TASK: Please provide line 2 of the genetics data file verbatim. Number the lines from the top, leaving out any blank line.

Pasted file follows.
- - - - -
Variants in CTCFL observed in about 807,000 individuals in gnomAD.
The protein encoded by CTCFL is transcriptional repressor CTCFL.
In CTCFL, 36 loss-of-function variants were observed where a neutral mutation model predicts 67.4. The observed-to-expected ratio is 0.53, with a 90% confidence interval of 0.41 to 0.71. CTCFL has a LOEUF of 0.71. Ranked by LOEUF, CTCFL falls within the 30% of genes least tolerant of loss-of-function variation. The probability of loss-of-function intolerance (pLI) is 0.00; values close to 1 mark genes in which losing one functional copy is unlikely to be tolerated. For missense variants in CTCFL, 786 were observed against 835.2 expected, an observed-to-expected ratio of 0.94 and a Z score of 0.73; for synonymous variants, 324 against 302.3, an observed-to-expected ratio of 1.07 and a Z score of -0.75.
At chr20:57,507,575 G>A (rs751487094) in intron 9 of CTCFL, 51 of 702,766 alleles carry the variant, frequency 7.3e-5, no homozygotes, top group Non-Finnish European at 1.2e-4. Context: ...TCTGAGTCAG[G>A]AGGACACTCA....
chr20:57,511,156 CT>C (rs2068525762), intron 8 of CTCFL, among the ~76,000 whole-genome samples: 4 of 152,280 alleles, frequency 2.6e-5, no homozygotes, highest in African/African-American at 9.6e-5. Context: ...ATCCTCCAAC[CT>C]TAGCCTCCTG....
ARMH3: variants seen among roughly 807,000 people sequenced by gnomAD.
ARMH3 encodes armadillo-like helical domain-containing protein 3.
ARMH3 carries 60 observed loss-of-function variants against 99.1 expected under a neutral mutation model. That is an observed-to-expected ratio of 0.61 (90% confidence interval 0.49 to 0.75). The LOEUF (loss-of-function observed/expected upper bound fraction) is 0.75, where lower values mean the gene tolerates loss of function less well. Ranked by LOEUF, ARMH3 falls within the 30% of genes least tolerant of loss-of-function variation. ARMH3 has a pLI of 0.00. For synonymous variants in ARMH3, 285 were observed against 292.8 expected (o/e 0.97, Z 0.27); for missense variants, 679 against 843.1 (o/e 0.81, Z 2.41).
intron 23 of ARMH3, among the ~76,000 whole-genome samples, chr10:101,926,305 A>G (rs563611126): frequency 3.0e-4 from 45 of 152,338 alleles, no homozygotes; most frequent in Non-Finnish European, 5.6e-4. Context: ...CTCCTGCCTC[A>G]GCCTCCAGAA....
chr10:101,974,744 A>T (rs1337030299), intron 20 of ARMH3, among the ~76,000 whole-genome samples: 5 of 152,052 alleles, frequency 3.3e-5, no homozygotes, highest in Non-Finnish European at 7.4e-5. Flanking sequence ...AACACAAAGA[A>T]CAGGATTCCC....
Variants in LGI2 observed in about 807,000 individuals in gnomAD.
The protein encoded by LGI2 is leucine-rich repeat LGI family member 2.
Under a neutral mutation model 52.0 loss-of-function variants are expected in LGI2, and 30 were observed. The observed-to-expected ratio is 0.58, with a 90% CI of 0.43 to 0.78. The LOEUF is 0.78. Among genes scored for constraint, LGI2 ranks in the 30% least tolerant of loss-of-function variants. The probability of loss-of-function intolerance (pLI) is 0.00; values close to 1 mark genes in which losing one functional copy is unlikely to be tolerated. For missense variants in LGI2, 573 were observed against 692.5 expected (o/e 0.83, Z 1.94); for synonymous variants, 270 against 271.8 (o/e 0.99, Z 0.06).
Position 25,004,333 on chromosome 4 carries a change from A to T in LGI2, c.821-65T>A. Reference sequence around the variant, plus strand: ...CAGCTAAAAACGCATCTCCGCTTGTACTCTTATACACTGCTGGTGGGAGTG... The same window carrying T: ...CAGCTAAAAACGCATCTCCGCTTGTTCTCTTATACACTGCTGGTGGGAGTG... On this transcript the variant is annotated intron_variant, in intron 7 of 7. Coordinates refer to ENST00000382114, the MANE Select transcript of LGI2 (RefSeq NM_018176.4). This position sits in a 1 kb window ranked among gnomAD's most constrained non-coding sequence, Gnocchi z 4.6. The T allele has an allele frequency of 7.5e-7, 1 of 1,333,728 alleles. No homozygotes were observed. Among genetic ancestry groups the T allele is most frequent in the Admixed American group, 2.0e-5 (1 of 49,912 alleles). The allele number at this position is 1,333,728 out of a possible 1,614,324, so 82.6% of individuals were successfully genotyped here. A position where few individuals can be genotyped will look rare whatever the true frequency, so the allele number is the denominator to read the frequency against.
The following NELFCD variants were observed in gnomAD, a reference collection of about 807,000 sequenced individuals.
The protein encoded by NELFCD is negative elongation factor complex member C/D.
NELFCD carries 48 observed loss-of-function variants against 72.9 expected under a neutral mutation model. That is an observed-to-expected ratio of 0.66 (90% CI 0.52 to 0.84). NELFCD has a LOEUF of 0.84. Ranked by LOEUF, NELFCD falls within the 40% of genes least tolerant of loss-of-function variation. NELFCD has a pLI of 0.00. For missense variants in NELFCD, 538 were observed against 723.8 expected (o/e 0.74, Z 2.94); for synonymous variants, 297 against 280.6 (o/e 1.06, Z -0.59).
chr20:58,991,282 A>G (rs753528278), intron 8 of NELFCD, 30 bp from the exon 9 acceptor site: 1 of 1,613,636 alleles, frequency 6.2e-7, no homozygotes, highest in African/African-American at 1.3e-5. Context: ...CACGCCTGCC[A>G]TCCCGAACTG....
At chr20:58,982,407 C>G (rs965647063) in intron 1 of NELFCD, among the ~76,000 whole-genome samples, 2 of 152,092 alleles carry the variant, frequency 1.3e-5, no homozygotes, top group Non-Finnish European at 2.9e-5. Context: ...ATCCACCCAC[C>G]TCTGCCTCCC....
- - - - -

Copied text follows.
The protein encoded by CTCFL is transcriptional repressor CTCFL.